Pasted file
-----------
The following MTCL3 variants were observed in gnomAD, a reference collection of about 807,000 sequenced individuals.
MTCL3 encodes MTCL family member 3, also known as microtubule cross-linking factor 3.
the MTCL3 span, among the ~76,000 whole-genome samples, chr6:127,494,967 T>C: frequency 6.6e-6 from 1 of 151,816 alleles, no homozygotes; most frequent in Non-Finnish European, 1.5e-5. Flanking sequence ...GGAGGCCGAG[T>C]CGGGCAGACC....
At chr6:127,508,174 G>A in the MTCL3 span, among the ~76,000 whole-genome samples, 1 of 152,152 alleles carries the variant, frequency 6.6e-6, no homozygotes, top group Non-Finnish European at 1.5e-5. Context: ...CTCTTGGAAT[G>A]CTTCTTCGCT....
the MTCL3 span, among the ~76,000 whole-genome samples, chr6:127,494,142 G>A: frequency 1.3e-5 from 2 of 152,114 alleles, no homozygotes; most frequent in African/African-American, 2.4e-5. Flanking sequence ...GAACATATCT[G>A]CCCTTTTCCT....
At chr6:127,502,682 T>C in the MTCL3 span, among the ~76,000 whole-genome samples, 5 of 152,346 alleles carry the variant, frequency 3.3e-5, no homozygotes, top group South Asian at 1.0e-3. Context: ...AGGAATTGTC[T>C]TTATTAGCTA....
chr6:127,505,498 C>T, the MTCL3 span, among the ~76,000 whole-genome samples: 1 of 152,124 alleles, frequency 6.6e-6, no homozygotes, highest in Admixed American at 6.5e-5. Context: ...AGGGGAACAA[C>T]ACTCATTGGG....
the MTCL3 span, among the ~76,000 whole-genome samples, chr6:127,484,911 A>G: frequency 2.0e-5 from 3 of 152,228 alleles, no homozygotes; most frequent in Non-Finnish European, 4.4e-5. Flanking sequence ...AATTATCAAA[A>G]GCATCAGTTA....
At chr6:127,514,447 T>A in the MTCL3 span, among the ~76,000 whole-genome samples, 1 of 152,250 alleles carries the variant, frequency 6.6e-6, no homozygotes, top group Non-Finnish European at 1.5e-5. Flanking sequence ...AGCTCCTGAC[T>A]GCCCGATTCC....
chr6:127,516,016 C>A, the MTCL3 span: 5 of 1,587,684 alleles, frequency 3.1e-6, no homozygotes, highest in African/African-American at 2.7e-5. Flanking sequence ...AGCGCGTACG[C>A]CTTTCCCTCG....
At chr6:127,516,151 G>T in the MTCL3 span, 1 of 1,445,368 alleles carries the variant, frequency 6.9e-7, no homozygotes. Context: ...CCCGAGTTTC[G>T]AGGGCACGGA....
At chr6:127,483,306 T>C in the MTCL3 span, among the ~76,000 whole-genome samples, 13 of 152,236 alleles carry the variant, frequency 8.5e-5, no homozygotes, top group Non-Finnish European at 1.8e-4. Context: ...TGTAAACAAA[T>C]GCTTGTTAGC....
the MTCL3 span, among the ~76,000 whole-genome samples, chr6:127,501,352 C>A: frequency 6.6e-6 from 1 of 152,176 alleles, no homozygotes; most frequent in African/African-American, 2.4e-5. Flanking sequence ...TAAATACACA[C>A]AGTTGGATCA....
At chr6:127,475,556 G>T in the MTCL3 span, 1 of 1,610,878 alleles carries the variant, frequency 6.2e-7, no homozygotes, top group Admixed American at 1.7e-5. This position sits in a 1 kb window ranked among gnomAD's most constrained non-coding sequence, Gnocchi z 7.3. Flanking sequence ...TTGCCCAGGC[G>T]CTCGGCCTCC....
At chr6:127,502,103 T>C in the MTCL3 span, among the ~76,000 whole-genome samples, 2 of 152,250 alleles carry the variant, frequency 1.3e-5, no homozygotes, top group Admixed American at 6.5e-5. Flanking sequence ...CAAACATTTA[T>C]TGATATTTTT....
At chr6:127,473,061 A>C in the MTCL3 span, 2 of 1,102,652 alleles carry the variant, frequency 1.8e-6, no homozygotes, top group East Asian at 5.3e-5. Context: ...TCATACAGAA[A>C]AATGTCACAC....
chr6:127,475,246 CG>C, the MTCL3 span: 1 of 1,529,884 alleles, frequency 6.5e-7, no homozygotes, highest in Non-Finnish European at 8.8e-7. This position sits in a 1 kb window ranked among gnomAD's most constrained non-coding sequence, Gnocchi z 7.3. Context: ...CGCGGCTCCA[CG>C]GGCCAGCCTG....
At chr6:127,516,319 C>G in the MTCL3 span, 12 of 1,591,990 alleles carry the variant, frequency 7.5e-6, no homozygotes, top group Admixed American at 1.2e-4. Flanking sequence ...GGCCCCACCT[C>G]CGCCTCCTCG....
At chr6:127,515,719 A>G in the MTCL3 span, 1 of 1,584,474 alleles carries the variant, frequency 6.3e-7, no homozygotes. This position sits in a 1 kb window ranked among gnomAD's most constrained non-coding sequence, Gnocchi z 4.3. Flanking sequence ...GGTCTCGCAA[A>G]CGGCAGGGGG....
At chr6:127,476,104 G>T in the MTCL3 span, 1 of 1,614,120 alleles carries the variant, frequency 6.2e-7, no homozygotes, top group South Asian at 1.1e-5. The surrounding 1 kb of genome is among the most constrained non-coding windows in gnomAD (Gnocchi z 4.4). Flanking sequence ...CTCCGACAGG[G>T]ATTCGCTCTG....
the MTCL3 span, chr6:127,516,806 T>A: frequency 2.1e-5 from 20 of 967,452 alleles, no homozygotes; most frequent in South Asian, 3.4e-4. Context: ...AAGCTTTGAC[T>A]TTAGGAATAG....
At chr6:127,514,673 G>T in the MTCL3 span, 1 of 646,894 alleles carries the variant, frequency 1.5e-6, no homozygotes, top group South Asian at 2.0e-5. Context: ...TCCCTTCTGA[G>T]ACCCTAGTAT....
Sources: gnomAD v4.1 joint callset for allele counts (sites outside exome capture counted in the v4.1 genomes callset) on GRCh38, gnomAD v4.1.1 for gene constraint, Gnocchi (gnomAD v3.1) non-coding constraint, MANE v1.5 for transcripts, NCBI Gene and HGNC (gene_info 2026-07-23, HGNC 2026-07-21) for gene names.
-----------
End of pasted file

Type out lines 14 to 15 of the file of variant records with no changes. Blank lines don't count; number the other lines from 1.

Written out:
At chr6:127,475,556 G>T in the MTCL3 span, 1 of 1,610,878 alleles carries the variant, frequency 6.2e-7, no homozygotes, top group Admixed American at 1.7e-5. This position sits in a 1 kb window ranked among gnomAD's most constrained non-coding sequence, Gnocchi z 7.3. Flanking sequence ...TTGCCCAGGC[G>T]CTCGGCCTCC....
At chr6:127,502,103 T>C in the MTCL3 span, among the ~76,000 whole-genome samples, 2 of 152,250 alleles carry the variant, frequency 1.3e-5, no homozygotes, top group Admixed American at 6.5e-5. Flanking sequence ...CAAACATTTA[T>C]TGATATTTTT....